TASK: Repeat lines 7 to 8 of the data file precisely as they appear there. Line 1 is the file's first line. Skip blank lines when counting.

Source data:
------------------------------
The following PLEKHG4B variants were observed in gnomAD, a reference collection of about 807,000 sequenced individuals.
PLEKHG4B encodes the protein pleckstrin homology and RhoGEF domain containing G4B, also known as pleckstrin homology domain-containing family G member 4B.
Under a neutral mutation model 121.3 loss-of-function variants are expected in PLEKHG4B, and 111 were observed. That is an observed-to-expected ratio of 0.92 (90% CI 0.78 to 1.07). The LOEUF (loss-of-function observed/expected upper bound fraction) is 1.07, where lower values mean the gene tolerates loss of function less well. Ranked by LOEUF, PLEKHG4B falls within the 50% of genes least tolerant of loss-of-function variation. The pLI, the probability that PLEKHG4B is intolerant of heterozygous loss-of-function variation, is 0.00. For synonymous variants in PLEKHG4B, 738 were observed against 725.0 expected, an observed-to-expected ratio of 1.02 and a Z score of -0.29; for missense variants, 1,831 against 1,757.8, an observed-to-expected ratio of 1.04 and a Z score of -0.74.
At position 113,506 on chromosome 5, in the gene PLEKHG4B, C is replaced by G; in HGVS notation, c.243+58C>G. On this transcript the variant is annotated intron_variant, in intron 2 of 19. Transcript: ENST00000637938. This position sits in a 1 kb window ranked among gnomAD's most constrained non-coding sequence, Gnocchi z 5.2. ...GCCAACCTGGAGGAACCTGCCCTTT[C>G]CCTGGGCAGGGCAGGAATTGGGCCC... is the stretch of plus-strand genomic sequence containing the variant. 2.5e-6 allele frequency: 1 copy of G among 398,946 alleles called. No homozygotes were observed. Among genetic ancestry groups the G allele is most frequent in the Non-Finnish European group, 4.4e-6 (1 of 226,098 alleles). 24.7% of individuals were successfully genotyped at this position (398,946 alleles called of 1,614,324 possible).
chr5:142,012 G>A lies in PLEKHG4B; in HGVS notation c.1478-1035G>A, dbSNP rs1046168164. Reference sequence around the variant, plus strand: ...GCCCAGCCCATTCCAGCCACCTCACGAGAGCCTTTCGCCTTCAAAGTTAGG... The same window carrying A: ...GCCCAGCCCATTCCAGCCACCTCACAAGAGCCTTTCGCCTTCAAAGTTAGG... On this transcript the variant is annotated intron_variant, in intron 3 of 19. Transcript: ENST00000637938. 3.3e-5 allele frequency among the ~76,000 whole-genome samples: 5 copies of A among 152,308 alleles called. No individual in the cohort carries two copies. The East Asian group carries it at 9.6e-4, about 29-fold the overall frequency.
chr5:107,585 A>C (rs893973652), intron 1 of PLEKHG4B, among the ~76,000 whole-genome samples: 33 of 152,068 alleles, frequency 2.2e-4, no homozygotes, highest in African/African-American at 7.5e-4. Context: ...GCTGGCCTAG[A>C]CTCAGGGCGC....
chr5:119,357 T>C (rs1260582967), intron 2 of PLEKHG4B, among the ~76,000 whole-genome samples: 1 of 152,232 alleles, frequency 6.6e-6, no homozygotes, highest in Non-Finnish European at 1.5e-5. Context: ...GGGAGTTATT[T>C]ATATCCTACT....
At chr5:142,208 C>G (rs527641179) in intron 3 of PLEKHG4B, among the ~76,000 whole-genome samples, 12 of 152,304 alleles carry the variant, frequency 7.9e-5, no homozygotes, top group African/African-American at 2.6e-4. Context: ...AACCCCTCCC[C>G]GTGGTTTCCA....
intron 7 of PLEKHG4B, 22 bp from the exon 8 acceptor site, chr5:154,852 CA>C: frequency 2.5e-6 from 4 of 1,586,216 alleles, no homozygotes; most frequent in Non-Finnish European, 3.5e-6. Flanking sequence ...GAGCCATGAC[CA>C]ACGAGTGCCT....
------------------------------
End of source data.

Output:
chr5:119,357 T>C (rs1260582967), intron 2 of PLEKHG4B, among the ~76,000 whole-genome samples: 1 of 152,232 alleles, frequency 6.6e-6, no homozygotes, highest in Non-Finnish European at 1.5e-5. Context: ...GGGAGTTATT[T>C]ATATCCTACT....
At chr5:142,208 C>G (rs527641179) in intron 3 of PLEKHG4B, among the ~76,000 whole-genome samples, 12 of 152,304 alleles carry the variant, frequency 7.9e-5, no homozygotes, top group African/African-American at 2.6e-4. Context: ...AACCCCTCCC[C>G]GTGGTTTCCA....